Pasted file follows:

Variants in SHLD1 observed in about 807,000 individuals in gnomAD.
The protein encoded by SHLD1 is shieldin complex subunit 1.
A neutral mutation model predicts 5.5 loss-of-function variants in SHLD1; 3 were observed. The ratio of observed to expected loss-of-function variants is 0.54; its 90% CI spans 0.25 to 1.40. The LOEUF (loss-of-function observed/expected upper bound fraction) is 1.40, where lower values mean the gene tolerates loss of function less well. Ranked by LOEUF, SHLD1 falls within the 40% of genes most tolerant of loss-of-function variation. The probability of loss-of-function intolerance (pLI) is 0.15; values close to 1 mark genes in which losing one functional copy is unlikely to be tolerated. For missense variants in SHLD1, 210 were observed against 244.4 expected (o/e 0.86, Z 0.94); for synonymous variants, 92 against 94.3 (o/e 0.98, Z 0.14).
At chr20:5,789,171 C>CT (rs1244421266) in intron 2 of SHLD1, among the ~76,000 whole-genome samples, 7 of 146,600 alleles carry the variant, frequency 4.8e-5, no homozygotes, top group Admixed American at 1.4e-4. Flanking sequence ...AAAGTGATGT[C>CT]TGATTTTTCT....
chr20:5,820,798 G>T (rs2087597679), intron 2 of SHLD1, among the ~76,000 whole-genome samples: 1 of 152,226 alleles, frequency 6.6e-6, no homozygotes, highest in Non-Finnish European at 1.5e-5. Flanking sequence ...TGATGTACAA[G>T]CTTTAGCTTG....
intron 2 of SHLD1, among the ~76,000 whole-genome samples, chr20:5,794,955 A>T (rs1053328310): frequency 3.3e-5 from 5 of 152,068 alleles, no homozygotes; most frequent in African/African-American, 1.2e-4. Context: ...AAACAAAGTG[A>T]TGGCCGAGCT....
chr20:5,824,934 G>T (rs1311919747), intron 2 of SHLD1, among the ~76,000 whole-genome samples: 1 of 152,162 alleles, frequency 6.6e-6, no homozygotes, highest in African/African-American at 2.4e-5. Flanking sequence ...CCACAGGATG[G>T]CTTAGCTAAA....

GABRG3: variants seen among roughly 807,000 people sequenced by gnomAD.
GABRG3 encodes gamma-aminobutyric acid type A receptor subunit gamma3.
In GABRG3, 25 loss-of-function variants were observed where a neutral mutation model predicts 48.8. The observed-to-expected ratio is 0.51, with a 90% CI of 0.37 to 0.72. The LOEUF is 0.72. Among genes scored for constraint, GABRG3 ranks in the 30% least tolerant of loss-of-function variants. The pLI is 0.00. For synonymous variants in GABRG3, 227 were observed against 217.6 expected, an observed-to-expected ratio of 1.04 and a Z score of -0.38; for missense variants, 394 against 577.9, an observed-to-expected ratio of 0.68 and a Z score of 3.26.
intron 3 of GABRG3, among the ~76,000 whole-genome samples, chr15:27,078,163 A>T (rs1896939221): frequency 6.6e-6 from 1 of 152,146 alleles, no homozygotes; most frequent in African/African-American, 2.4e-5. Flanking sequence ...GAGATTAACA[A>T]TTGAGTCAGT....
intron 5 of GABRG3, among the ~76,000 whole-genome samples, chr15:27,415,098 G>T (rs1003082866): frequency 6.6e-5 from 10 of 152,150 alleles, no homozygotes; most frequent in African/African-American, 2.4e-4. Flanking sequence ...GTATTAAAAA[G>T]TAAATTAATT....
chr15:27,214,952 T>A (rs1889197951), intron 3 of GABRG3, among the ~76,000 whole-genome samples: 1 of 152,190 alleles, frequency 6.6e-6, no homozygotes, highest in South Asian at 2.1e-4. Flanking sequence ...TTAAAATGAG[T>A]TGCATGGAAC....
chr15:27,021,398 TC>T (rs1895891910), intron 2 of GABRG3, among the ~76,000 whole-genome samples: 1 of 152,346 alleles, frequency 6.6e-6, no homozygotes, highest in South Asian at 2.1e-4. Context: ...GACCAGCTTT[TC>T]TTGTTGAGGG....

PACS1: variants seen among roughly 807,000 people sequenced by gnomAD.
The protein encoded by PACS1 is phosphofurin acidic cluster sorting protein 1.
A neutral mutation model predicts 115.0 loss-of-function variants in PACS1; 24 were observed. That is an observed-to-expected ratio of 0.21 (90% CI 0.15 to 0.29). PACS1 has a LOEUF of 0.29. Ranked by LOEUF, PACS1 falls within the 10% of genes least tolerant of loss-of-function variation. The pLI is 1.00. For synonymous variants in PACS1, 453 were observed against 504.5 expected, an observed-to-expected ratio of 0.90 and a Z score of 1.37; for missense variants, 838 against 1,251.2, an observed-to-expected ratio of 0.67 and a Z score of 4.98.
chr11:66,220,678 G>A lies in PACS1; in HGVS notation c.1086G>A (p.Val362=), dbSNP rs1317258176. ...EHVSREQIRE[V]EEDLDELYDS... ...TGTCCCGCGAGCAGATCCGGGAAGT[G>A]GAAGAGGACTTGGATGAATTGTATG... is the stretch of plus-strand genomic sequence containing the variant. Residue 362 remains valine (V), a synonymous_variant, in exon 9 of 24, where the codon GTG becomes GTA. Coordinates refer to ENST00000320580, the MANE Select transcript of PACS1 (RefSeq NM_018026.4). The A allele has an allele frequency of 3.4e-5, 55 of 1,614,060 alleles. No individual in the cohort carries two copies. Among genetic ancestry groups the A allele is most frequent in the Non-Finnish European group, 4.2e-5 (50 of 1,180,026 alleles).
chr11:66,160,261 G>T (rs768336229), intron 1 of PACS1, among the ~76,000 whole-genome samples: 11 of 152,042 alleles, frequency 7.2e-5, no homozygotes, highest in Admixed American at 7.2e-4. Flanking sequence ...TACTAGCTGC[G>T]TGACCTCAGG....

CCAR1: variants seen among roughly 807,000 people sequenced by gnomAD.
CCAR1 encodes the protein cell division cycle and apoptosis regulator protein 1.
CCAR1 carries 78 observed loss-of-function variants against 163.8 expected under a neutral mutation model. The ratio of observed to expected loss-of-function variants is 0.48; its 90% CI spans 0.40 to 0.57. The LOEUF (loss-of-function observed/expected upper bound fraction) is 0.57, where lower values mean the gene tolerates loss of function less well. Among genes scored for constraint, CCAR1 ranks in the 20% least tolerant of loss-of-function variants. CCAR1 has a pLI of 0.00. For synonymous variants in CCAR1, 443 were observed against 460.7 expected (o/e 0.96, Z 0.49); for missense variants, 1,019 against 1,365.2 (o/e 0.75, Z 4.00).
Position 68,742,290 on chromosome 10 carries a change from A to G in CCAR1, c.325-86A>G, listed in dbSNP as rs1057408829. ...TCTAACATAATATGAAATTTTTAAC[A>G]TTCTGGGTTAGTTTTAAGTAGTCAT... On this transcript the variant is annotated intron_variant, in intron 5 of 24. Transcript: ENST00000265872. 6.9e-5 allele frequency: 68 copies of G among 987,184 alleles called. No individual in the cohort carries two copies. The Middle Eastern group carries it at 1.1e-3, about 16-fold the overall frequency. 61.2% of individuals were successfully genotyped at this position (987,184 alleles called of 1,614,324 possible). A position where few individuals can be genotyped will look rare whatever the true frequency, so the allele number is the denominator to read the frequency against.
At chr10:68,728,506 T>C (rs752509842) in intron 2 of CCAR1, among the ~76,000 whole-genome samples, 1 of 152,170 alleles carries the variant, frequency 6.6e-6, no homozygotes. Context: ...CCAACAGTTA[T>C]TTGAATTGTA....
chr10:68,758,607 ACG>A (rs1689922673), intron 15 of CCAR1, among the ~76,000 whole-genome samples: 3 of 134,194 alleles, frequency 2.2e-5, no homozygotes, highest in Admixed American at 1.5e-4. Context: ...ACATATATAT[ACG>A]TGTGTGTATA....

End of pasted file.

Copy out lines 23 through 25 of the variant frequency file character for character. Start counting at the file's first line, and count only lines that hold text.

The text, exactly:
Position 68,742,290 on chromosome 10 carries a change from A to G in CCAR1, c.325-86A>G, listed in dbSNP as rs1057408829. ...TCTAACATAATATGAAATTTTTAAC[A>G]TTCTGGGTTAGTTTTAAGTAGTCAT... On this transcript the variant is annotated intron_variant, in intron 5 of 24. Transcript: ENST00000265872. 6.9e-5 allele frequency: 68 copies of G among 987,184 alleles called. No individual in the cohort carries two copies. The Middle Eastern group carries it at 1.1e-3, about 16-fold the overall frequency. 61.2% of individuals were successfully genotyped at this position (987,184 alleles called of 1,614,324 possible). A position where few individuals can be genotyped will look rare whatever the true frequency, so the allele number is the denominator to read the frequency against.
At chr10:68,728,506 T>C (rs752509842) in intron 2 of CCAR1, among the ~76,000 whole-genome samples, 1 of 152,170 alleles carries the variant, frequency 6.6e-6, no homozygotes. Context: ...CCAACAGTTA[T>C]TTGAATTGTA....
chr10:68,758,607 ACG>A (rs1689922673), intron 15 of CCAR1, among the ~76,000 whole-genome samples: 3 of 134,194 alleles, frequency 2.2e-5, no homozygotes, highest in Admixed American at 1.5e-4. Context: ...ACATATATAT[ACG>A]TGTGTGTATA....